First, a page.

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Preventive therapy is therapeutic intervention intended to prevent disease. The aim of preventive medicine is to promote health and reduce the risks of disease, injury, disability and death. This includes actions dedicated towards eradicating, eliminating, or minimizing the impact of disease and disability. Preventive therapy is usually categorized into 5 categories: primal & primordial prevention, primary prevention, secondary prevention, tertiary prevention and quaternary prevention.
Primal & primordial prevention involves prevention of the emergence or development of risk factors in areas or populations where they haven’t yet appeared. An example of this is discouraging smoking among children in order to prevent smoking related cancers and other diseases in adult population.
Primary prevention includes the action which prior to onset of disease, which removes the possibility that disease will occur. An example of this is quitting smoking in order to prevent occurrence of smoking related cancers. Immunization against disease is another such method.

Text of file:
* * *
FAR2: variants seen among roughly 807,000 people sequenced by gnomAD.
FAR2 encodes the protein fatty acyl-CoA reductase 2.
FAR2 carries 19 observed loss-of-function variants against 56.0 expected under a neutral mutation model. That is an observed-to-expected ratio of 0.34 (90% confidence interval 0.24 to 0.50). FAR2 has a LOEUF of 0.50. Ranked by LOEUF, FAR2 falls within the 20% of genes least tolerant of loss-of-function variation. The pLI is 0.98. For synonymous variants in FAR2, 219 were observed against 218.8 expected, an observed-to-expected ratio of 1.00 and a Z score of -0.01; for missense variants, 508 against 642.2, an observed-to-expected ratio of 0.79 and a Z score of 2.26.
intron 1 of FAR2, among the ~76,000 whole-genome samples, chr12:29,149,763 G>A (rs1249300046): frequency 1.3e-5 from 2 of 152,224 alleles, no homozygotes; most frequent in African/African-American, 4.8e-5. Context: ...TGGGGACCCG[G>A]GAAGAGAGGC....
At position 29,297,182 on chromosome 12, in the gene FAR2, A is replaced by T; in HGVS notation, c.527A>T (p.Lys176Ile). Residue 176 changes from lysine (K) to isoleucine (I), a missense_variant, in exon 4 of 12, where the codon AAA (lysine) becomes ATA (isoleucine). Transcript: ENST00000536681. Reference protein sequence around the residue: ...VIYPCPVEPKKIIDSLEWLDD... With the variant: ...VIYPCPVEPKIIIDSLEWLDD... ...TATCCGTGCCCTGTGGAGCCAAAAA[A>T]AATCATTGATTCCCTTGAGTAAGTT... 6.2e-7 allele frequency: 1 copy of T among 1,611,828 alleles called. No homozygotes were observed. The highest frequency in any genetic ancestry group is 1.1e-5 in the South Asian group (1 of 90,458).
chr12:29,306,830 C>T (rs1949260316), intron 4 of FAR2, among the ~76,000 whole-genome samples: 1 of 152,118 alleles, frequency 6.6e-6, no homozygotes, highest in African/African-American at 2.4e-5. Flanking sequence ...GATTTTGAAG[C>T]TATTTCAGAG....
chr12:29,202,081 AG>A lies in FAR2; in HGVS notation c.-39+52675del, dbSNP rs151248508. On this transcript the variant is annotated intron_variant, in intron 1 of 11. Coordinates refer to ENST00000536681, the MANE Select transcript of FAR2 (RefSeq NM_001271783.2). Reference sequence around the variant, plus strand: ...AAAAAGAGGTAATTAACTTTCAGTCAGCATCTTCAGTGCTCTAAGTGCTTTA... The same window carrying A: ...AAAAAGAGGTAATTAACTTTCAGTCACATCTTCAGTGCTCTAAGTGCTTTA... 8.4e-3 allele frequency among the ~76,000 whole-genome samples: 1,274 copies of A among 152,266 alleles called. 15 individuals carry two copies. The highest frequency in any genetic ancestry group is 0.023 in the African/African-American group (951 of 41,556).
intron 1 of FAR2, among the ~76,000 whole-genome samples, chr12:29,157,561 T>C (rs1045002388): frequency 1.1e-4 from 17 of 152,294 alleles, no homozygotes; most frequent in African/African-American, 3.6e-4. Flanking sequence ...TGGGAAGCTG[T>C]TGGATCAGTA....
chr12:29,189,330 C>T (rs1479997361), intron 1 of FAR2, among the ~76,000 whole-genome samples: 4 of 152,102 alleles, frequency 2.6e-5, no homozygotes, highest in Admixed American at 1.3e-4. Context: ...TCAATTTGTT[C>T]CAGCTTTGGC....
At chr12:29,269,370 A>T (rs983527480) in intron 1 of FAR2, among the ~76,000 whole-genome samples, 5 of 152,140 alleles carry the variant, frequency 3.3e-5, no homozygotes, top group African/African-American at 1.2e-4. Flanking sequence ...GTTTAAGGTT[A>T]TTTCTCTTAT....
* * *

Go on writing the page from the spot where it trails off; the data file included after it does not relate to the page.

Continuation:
Secondary prevention involves action taken in order to halt the progress of a disease at its incipient stage and thereby, prevents complications. This includes early diagnosis and treatment of existing disease prior to the appearance of symptoms. Examples include treatment of hypertension and cancer screenings.
Tertiary prevention involves all measures taken to reduce or limit the impairments and disabilities, and to promote the patient’s adjustment to the irreversible consequences of the disease or disability (if any). Examples include surgical procedures that halt the spread or progression of disease and measures taken to promote rehabilitation of the patient.
Quaternary prevention are the actions taken to avoid overmedication of the patient, to protect them from new medical invasion and to suggest interventions which are ethically acceptable. Avoiding indiscriminate use of antibiotics is an example of this.